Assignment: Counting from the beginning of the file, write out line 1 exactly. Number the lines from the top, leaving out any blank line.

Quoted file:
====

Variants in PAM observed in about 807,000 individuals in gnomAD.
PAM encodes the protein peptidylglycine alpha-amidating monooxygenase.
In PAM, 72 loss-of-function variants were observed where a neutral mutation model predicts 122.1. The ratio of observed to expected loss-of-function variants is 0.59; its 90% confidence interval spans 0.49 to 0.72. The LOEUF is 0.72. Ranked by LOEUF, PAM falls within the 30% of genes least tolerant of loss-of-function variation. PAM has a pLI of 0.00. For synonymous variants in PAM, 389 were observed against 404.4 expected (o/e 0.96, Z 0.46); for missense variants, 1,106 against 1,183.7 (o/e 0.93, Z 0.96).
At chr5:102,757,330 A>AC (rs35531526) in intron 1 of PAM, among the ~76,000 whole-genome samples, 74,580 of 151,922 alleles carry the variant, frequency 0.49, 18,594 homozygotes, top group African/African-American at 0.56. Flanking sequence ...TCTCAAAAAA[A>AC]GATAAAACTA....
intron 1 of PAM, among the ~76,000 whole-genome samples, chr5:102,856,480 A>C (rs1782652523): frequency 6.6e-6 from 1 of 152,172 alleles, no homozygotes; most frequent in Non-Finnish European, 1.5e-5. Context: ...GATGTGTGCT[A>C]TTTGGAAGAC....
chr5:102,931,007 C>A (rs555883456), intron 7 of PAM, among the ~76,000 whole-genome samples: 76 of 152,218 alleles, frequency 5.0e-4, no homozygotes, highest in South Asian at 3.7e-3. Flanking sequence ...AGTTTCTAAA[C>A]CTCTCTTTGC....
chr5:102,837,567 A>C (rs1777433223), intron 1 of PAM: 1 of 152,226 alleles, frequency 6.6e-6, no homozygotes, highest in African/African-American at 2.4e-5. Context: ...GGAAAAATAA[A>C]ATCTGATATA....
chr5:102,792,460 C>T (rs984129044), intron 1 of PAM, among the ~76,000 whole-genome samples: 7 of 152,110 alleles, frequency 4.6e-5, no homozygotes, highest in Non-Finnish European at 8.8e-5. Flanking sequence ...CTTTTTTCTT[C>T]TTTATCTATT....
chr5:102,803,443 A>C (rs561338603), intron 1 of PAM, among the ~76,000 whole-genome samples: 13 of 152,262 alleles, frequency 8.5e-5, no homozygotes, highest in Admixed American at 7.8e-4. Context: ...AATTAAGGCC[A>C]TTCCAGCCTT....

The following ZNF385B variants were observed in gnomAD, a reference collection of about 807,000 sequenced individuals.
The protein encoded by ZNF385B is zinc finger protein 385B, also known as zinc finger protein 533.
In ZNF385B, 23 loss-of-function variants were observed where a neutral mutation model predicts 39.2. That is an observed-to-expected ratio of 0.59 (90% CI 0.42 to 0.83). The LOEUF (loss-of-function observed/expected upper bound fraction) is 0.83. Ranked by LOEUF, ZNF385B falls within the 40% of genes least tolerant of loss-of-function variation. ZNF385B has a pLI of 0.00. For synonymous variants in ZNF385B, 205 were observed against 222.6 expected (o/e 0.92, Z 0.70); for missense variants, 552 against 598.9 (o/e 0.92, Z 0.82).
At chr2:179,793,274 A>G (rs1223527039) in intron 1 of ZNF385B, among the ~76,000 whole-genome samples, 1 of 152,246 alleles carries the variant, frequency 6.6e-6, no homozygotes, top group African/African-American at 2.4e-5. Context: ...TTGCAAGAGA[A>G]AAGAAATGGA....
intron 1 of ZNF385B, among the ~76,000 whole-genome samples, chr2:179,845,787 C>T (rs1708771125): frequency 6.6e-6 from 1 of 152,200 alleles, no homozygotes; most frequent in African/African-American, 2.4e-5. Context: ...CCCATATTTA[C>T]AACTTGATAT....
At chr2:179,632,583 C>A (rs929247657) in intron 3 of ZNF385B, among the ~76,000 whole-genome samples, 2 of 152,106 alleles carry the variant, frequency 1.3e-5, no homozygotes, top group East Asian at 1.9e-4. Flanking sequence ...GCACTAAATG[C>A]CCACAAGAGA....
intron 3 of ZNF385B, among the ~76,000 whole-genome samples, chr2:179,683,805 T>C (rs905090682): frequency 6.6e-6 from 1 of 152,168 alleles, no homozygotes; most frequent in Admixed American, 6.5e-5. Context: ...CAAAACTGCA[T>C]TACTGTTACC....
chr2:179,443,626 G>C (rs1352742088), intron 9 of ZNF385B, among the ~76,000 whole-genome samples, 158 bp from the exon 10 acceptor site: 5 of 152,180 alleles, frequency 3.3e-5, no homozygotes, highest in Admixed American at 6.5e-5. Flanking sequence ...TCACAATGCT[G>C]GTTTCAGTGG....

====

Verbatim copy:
Variants in PAM observed in about 807,000 individuals in gnomAD.